Violence between rival factions of miners is disrupting operations at the Colquiri tin and zinc mine in Bolivia. Reuters reported that a brawl between miners injured at least 15 people at the mine, which is operated by Glencore International (GLCNF.PK). The mine has reportedly been shut down for two weeks because members of "independent mining cooperatives" are trying to take control of it.
A group of local miners and some employees from Glencore's Sinchi Wayra unit started the violence on June 14 by trying to drive out the cooperative's miners. The dispute involves a deal that lets Sinchi Wayra, which is under contract to the Bolivian national mining company Comidol, share the mine with the independent cooperative.
The Bolivian government has tried to settle the dispute with negotiations. The dispute apparently involves efforts by Bolivia's leftist government to get control of resources. Such disputes have been growing because the nation's mining union has demanded the nationalization of mines. That, of course, would increase the union's power over the mining industry.
Such disputes could hurt the stock value of companies like Glencore that operate in Bolivia, which is a difficult country to operate in because the nation's leftist President, Evo Morales, is hostile to capitalism and foreign corporations. He has moved to restore the government monopoly over mining and inflamed disputes between Bolivians of European descent and Native Americans.
The situation is now so bad that at least one foreign mining company, Jindal Steel & Power (JINDALSTEEL.BO), is considering pulling out of Bolivia completely. The Indian company had signed a $2.1 billion deal to develop a giant iron mine near Brazil's border with India. The El Mutun iron mine would have been one of the world's largest, with nearly 40 billion tons of ore. Now Bolivian media is reporting that Jindal has sent the nation's government a letter that says it plans to pull out.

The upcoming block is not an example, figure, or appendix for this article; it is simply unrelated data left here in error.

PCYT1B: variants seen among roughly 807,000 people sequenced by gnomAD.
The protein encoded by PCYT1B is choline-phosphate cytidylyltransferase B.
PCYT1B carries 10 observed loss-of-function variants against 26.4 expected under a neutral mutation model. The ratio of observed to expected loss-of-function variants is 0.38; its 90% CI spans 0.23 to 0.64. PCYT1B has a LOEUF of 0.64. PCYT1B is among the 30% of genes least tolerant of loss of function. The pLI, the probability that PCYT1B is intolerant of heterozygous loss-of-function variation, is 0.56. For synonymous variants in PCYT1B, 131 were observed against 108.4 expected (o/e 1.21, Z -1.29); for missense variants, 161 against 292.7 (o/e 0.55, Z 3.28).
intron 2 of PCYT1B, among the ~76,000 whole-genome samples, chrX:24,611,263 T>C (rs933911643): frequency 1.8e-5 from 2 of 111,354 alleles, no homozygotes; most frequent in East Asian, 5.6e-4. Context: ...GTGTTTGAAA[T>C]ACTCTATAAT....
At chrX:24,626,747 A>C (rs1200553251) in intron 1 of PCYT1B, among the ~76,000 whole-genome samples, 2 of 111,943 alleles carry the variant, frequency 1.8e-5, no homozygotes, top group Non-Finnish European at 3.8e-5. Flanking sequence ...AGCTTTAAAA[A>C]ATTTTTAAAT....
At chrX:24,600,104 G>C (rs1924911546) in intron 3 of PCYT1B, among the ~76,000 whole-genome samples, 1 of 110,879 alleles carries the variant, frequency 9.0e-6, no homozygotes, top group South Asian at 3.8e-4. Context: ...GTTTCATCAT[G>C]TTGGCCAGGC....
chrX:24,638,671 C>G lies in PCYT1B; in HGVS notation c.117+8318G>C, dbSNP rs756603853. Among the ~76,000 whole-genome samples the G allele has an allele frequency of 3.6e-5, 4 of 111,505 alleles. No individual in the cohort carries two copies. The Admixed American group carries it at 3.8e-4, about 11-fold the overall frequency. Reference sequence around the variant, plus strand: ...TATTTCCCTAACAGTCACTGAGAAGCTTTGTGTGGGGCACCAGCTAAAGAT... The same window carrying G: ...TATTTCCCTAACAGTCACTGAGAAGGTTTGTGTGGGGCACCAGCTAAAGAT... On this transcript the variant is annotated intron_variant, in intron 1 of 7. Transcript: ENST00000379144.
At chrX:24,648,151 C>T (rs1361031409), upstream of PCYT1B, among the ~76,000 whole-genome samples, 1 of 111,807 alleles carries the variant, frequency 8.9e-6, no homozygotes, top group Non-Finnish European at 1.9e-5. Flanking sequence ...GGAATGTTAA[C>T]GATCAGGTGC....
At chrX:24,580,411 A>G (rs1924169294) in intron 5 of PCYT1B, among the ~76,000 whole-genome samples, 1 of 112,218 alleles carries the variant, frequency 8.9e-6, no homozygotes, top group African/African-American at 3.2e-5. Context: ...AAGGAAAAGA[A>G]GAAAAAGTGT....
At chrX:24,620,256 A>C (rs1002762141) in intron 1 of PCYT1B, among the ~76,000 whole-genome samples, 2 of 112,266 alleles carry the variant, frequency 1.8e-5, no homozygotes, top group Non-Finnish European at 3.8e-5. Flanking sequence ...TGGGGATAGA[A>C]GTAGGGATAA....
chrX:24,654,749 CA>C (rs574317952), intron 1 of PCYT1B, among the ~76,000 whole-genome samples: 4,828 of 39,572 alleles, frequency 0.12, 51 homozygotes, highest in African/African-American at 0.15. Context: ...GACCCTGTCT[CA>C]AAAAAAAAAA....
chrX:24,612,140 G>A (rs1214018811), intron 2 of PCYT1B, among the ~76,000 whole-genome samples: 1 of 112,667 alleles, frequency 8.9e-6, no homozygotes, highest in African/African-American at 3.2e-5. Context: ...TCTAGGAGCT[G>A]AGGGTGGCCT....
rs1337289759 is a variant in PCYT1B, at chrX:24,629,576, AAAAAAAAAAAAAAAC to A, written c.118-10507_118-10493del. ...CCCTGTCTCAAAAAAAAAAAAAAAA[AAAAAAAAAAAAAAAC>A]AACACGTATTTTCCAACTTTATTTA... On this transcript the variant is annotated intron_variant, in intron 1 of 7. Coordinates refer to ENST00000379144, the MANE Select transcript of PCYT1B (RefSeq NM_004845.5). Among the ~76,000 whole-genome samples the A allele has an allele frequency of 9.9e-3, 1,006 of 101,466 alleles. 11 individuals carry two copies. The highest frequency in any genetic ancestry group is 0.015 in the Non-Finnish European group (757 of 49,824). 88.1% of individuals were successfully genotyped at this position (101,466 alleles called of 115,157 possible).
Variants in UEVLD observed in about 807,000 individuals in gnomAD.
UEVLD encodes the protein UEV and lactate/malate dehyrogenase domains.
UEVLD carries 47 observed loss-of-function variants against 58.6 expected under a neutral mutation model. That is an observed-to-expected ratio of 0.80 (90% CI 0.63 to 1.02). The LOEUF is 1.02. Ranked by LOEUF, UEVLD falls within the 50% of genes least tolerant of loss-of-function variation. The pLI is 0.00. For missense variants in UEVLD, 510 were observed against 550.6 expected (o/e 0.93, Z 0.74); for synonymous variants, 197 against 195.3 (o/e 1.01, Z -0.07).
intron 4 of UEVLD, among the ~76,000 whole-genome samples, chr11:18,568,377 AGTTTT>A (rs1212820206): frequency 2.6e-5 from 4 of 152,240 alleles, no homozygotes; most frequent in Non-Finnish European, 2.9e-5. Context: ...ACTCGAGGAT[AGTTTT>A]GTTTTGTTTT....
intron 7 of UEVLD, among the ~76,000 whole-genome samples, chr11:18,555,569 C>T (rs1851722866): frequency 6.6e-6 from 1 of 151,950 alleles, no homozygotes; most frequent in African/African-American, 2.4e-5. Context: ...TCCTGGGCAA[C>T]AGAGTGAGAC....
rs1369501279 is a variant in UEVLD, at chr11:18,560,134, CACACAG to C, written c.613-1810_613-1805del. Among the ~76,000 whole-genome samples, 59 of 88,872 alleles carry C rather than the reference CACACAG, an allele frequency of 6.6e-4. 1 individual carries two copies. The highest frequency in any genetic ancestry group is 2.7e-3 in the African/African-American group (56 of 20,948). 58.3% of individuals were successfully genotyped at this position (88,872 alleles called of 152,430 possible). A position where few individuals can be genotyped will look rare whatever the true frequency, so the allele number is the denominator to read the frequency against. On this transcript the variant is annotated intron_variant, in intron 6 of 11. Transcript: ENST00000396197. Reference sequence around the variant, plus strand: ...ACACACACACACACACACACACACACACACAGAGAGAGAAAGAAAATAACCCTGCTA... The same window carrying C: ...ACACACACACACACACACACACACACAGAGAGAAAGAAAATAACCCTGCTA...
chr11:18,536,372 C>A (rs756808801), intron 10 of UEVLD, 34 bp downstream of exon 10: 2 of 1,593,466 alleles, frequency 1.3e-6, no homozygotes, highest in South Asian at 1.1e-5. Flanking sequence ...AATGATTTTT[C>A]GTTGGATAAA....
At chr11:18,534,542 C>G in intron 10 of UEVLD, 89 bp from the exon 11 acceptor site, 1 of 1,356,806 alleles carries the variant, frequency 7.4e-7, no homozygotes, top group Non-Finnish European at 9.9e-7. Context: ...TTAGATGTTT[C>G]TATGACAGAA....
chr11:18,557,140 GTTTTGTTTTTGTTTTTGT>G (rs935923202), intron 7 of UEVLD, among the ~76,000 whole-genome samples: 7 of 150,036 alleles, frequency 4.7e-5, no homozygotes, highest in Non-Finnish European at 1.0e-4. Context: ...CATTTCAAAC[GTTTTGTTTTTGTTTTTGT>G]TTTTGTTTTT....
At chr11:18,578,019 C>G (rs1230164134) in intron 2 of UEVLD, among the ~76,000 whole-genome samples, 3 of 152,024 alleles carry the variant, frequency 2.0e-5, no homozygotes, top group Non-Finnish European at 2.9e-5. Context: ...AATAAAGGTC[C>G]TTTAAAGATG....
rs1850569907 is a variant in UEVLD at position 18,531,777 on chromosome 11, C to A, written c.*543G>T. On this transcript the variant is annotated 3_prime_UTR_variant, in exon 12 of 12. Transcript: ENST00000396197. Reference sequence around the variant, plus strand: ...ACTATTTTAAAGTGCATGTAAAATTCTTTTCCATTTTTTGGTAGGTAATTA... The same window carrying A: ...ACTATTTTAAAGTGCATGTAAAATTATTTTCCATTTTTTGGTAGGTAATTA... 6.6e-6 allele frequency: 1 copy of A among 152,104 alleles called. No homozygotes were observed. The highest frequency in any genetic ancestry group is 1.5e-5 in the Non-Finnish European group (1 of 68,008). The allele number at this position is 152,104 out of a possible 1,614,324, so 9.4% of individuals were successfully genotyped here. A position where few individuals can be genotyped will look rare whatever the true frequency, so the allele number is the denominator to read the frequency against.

Jindal claims that Morales' government has not provided the natural gas it needs for the project. The government has reportedly seized $36 million that Jindal had deposited in a local bank. It's now demanding $27 million more from Jindal. Not surprisingly, Jindal Steel has decided to shut down the project and move out.
The big beneficiaries of this debacle will be iron miners like BHP Billiton (BHP), which concentrate their operations in Australia. Vale (VALE), which mines most of its iron in Brazil, could also benefit from the lack of a big new competitor.
It should be pointed out here that Jindal's decision to pull out could also be motivated by the lousy global economy. The company may think that there simply will be no market for all the iron ore from El Mutun. This debacle will definitely hurt Jindal's stock value because it demonstrates that the company is not capable of becoming a major global iron producer.
Brazil Stops Issuing New Mining Claims
Bolivia is not the only South American country where politics is having a dampening effect on mining. The Brazilian government has stopped issuing new mining claims because of an effort to overhaul mining regulation.
New claims for concessions' permission to mine have been frozen for at least six months, the president of a Brazilian mining industry group told Reuters. Unfortunately, the government agency that issues the claims did not make the news public until two weeks ago.
Current Brazilian law lets owners hold concessions for years without developing them. The government wants to overhaul the law in order to end speculation and speed up development of new mines. There's no word on what the new regulations would look like or when the government would start issuing mining concessions again.
The freeze on new concessions is only the latest example of a regulatory environment in Brazil that is making it difficult to mine in that country. Several companies, including Anglo American (AAUKF.PK) and Vale, have had a hard time getting the go-ahead for mining operations from government officials.
The biggest loser here is Vale, which is having an increasing difficult time mining in its homeland. In particular, Vale has not been able to get new iron mining operations up and going.
It is obvious that mining companies, which have concentrated their exploration and development efforts outside of Brazil, will benefit from this. Obvious winners would be Rio Tinto (RIO) and Billiton, which mine their iron in Australia.